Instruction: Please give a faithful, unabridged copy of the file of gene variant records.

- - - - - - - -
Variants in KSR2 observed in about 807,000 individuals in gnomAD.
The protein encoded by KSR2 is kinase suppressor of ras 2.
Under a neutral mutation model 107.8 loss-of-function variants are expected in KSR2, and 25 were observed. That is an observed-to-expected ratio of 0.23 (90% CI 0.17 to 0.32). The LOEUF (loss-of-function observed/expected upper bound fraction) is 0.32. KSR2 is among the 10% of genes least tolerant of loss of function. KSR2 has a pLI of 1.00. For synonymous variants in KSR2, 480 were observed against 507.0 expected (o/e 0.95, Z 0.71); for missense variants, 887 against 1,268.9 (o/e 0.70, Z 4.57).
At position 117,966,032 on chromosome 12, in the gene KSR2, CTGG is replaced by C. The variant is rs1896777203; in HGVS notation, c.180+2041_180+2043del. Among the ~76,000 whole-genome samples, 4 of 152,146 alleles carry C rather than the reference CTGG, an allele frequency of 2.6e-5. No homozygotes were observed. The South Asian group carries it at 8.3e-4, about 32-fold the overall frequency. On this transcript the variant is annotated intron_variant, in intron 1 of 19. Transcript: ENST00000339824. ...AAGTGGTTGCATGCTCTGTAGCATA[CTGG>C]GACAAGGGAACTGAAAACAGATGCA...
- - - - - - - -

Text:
Variants in KSR2 observed in about 807,000 individuals in gnomAD.
The protein encoded by KSR2 is kinase suppressor of ras 2.
Under a neutral mutation model 107.8 loss-of-function variants are expected in KSR2, and 25 were observed. That is an observed-to-expected ratio of 0.23 (90% CI 0.17 to 0.32). The LOEUF (loss-of-function observed/expected upper bound fraction) is 0.32. KSR2 is among the 10% of genes least tolerant of loss of function. KSR2 has a pLI of 1.00. For synonymous variants in KSR2, 480 were observed against 507.0 expected (o/e 0.95, Z 0.71); for missense variants, 887 against 1,268.9 (o/e 0.70, Z 4.57).
At position 117,966,032 on chromosome 12, in the gene KSR2, CTGG is replaced by C. The variant is rs1896777203; in HGVS notation, c.180+2041_180+2043del. Among the ~76,000 whole-genome samples, 4 of 152,146 alleles carry C rather than the reference CTGG, an allele frequency of 2.6e-5. No homozygotes were observed. The South Asian group carries it at 8.3e-4, about 32-fold the overall frequency. On this transcript the variant is annotated intron_variant, in intron 1 of 19. Transcript: ENST00000339824. ...AAGTGGTTGCATGCTCTGTAGCATA[CTGG>C]GACAAGGGAACTGAAAACAGATGCA...